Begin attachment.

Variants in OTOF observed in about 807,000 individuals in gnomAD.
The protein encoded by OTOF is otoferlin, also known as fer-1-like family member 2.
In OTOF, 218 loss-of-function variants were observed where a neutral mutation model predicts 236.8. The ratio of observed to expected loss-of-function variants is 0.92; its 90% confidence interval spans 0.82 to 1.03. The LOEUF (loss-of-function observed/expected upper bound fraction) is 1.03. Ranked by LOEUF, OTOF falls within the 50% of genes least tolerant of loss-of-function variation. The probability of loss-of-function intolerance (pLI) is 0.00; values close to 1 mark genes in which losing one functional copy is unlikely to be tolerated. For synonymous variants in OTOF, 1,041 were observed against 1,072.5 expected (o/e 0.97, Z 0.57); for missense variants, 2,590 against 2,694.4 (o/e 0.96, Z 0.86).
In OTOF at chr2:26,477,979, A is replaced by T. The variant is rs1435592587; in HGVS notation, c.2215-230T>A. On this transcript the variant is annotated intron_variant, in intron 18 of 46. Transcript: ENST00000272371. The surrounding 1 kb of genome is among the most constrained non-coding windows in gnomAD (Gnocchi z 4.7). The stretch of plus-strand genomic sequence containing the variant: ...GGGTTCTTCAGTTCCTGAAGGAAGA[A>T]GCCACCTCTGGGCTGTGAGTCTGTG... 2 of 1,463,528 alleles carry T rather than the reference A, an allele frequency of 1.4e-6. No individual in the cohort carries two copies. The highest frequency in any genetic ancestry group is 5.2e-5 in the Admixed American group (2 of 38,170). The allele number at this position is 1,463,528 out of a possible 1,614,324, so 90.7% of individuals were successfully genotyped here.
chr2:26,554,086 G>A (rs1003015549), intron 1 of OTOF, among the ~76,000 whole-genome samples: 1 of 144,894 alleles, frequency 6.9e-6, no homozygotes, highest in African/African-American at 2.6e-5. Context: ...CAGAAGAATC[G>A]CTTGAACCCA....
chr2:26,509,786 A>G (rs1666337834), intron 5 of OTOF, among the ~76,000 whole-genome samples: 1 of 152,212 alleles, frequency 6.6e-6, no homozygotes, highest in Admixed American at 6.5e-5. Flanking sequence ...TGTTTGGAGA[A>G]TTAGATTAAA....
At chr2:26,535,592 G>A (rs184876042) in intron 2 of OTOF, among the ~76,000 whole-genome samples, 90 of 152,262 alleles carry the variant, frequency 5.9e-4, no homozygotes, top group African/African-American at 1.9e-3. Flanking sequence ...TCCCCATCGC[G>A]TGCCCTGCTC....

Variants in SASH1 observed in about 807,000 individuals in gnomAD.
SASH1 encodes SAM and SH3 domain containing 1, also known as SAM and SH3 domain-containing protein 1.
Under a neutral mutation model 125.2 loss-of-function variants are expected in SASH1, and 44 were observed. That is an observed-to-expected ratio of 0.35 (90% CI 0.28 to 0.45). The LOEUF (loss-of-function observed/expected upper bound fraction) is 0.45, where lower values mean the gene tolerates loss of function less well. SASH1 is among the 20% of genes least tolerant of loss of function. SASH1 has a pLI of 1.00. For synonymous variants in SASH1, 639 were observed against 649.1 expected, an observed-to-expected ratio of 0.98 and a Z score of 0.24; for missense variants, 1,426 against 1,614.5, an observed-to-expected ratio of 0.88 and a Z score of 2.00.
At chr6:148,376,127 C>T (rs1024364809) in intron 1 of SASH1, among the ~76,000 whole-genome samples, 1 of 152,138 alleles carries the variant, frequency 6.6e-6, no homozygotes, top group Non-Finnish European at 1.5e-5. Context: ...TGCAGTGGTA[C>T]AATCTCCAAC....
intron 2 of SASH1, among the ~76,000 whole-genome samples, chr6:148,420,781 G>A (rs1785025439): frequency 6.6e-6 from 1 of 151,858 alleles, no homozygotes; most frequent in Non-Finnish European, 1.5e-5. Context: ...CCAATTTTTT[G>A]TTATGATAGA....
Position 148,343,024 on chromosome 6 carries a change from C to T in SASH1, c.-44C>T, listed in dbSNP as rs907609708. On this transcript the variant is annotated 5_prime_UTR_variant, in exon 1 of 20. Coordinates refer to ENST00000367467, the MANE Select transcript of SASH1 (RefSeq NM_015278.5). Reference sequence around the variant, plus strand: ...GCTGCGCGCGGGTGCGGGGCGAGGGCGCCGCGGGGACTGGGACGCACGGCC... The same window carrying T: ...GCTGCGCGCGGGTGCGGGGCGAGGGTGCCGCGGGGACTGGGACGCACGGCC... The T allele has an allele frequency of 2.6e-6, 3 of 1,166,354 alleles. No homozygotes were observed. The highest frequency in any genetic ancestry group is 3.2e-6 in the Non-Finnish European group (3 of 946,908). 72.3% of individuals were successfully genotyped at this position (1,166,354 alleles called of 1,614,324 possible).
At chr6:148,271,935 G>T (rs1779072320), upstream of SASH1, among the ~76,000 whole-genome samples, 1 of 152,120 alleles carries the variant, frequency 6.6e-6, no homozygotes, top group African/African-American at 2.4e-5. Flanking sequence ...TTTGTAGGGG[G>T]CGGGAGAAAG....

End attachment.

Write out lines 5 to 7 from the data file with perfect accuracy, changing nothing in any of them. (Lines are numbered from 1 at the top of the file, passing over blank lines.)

chr2:26,554,086 G>A (rs1003015549), intron 1 of OTOF, among the ~76,000 whole-genome samples: 1 of 144,894 alleles, frequency 6.9e-6, no homozygotes, highest in African/African-American at 2.6e-5. Context: ...CAGAAGAATC[G>A]CTTGAACCCA....
chr2:26,509,786 A>G (rs1666337834), intron 5 of OTOF, among the ~76,000 whole-genome samples: 1 of 152,212 alleles, frequency 6.6e-6, no homozygotes, highest in Admixed American at 6.5e-5. Flanking sequence ...TGTTTGGAGA[A>G]TTAGATTAAA....
At chr2:26,535,592 G>A (rs184876042) in intron 2 of OTOF, among the ~76,000 whole-genome samples, 90 of 152,262 alleles carry the variant, frequency 5.9e-4, no homozygotes, top group African/African-American at 1.9e-3. Flanking sequence ...TCCCCATCGC[G>A]TGCCCTGCTC....